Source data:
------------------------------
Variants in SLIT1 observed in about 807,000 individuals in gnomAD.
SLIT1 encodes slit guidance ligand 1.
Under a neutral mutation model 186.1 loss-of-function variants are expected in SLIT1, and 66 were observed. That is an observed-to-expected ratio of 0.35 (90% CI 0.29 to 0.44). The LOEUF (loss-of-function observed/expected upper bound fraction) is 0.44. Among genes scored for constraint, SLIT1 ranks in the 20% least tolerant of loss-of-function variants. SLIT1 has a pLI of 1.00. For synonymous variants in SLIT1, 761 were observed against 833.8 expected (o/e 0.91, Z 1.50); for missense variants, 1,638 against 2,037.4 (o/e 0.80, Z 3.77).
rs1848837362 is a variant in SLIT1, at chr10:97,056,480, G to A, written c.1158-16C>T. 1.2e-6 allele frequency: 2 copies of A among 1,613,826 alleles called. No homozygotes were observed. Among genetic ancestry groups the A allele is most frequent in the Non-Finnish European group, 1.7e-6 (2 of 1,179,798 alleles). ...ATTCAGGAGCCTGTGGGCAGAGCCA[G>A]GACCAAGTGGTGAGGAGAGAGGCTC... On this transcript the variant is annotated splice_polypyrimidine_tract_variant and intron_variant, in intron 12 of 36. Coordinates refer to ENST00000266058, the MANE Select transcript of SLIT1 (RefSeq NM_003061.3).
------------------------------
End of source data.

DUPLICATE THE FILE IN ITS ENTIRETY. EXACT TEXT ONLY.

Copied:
Variants in SLIT1 observed in about 807,000 individuals in gnomAD.
SLIT1 encodes slit guidance ligand 1.
Under a neutral mutation model 186.1 loss-of-function variants are expected in SLIT1, and 66 were observed. That is an observed-to-expected ratio of 0.35 (90% CI 0.29 to 0.44). The LOEUF (loss-of-function observed/expected upper bound fraction) is 0.44. Among genes scored for constraint, SLIT1 ranks in the 20% least tolerant of loss-of-function variants. SLIT1 has a pLI of 1.00. For synonymous variants in SLIT1, 761 were observed against 833.8 expected (o/e 0.91, Z 1.50); for missense variants, 1,638 against 2,037.4 (o/e 0.80, Z 3.77).
rs1848837362 is a variant in SLIT1, at chr10:97,056,480, G to A, written c.1158-16C>T. 1.2e-6 allele frequency: 2 copies of A among 1,613,826 alleles called. No homozygotes were observed. Among genetic ancestry groups the A allele is most frequent in the Non-Finnish European group, 1.7e-6 (2 of 1,179,798 alleles). ...ATTCAGGAGCCTGTGGGCAGAGCCA[G>A]GACCAAGTGGTGAGGAGAGAGGCTC... On this transcript the variant is annotated splice_polypyrimidine_tract_variant and intron_variant, in intron 12 of 36. Coordinates refer to ENST00000266058, the MANE Select transcript of SLIT1 (RefSeq NM_003061.3).